So long, Sam.
Jethroe?s death ends one of the most interesting lives in baseball history.
Sam Jethroe died this week. His obituary was buried at the bottom of the sports
pages, saved for a one-sentence blurb at the end of the nightly telecast. After
all, he only played three seasons in the major leagues. True, he did win a Rookie
of the Year award, but then again, so did Don Schwall. Jethroe was no big deal
to most people. But Sam Jethroe, one of the fastest men ever to play major league
baseball, was also one of the most fascinating.
It begins with the tryout. At Fenway Park on April 16, 1945 ? two years before
the color barrier was broken ? Jethroe became one of the first African Americans
to formally try out for a major league team. The tryout was the result of lobbying
by sportswriter Wendell Smith and Boston city councilman Isadore Muchnik, who
had threatened to revoke the Red Sox? permit to play Sunday games at Fenway
Park unless they granted a tryout to black players. The Sox agreed, and Smith
chose the three players who would participate: Philadelphia Stars shortstop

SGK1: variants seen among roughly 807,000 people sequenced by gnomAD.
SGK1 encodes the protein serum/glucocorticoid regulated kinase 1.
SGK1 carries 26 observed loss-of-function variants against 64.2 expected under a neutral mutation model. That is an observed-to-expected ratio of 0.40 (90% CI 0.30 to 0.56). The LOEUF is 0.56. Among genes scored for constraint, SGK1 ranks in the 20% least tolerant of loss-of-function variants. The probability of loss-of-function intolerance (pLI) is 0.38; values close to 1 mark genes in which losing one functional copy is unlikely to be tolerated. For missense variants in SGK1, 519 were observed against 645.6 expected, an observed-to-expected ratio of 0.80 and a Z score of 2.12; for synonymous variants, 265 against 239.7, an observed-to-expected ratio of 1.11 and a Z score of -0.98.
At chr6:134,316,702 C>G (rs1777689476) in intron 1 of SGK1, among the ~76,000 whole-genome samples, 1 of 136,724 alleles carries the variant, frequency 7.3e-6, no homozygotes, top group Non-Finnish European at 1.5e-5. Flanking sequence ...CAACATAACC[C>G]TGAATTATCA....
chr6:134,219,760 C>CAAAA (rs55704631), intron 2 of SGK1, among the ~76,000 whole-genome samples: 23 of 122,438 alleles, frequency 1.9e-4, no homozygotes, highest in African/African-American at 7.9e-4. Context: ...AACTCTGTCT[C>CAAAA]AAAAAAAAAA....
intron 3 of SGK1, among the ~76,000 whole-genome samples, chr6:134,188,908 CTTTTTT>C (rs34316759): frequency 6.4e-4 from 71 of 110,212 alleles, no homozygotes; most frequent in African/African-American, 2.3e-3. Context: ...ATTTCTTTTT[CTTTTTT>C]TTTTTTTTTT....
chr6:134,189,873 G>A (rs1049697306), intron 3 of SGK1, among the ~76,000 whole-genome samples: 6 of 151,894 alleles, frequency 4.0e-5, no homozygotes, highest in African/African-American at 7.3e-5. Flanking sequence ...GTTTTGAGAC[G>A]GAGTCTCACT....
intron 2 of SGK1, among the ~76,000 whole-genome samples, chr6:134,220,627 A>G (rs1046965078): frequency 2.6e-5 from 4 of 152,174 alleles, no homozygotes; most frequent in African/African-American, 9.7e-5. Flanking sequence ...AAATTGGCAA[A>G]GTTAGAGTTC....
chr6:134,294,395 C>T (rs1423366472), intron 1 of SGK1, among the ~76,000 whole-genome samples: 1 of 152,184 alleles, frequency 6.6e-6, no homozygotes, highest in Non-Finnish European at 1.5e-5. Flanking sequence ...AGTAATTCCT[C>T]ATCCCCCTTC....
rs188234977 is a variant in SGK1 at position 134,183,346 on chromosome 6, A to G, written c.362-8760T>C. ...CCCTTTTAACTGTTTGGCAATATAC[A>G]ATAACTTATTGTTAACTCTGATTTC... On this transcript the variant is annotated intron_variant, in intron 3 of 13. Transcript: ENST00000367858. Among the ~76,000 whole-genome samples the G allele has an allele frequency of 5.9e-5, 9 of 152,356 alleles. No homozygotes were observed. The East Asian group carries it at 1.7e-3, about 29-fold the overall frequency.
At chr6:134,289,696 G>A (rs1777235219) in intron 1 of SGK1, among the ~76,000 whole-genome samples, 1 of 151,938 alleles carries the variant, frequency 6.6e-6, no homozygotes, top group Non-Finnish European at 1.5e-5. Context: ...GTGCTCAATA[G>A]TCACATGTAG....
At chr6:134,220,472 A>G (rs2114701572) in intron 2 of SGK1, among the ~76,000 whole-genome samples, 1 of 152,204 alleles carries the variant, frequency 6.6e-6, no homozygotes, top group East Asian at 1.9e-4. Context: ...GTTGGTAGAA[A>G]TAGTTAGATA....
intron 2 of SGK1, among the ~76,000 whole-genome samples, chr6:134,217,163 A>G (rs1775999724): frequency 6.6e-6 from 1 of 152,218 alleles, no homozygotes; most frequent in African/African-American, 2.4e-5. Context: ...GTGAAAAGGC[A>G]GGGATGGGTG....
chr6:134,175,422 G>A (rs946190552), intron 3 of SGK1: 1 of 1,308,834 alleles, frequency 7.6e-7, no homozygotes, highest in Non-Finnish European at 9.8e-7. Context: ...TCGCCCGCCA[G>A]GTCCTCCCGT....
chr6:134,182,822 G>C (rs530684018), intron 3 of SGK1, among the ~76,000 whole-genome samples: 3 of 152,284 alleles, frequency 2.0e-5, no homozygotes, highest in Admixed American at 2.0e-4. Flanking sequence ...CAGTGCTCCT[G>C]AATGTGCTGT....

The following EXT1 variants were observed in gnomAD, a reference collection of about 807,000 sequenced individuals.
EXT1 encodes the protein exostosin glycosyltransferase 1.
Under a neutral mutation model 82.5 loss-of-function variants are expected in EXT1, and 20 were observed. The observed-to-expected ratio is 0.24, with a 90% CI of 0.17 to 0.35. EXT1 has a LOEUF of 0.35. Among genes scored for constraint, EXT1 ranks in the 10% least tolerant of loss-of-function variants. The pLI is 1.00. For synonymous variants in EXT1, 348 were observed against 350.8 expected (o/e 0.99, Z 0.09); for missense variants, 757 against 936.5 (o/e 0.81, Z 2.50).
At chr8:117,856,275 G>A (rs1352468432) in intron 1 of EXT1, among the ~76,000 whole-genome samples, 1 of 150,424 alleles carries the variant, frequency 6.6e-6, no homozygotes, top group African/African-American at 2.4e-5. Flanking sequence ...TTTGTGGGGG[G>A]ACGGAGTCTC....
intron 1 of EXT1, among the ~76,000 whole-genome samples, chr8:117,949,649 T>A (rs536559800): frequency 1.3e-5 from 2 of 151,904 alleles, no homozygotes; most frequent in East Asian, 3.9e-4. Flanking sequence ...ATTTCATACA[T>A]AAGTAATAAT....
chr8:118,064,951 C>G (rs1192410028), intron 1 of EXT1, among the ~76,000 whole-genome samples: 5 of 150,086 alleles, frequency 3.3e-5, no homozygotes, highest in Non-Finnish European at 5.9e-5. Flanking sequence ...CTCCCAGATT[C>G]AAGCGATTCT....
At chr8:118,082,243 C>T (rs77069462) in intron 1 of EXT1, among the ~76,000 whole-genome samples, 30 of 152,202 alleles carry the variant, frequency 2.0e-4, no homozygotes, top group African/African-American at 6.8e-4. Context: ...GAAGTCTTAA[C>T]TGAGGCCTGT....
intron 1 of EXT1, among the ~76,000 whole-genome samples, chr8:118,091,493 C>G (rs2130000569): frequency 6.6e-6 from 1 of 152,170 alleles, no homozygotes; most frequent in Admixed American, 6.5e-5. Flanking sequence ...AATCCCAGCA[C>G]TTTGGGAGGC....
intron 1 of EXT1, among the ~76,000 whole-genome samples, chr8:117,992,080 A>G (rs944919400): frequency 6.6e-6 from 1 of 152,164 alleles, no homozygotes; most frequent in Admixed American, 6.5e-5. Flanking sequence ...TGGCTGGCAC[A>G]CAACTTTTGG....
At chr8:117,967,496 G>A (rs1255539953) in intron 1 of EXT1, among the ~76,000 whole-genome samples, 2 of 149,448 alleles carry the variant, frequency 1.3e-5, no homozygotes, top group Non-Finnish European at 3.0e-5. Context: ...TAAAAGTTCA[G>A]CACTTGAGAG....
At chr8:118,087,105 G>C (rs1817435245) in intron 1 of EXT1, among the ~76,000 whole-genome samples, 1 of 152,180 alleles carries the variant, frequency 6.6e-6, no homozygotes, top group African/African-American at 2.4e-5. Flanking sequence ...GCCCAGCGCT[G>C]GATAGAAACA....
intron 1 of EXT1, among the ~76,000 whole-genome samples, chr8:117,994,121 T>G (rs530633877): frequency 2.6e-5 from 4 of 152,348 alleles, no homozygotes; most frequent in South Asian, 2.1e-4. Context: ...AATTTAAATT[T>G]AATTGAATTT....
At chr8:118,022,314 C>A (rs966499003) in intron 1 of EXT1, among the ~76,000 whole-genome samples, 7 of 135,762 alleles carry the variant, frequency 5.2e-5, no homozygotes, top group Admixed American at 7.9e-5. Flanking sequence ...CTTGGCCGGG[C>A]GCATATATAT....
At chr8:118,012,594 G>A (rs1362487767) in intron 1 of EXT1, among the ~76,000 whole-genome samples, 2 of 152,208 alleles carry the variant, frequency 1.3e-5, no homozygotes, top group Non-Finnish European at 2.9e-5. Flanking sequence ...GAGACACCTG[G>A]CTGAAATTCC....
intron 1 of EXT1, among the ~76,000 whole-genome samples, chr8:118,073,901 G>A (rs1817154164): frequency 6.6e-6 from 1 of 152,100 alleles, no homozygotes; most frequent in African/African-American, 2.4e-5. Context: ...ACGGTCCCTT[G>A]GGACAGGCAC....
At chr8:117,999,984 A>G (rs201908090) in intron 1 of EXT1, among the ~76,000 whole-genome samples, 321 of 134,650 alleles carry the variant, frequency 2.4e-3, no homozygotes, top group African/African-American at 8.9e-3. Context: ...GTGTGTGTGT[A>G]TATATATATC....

Marvin Williams, Cleveland Buckeyes outfielder Jethroe, and ex-UCLA running
back Jackie Robinson. In retrospect, it is remarkable that Robinson was even
invited to the tryout. Although a remarkable athlete, he had not played organized
baseball at any level for six years. (In his last try at the sport, in 1939,
Robinson had batted .091 for UCLA.) Although Robinson was about to begin his
first season with the Kansas City Monarchs, there was no reason that anyone
in the spring of 1945 should have expected him to succeed at baseball. In the
years since giving up baseball, Robinson had spent his time playing professional
football and basketball, serving in the Army during World War II, and coaching
a college basketball team in Texas. The fact that his name even came up as a
candidate for the tryout was a tribute to his tremendous athleticism.
The tryout was supervised by four Hall of Famers ? Hugh Duffy, a Red Sox coach;
Joe Cronin, the manager; Eddie Collins, the general manager; and Tom Yawkey,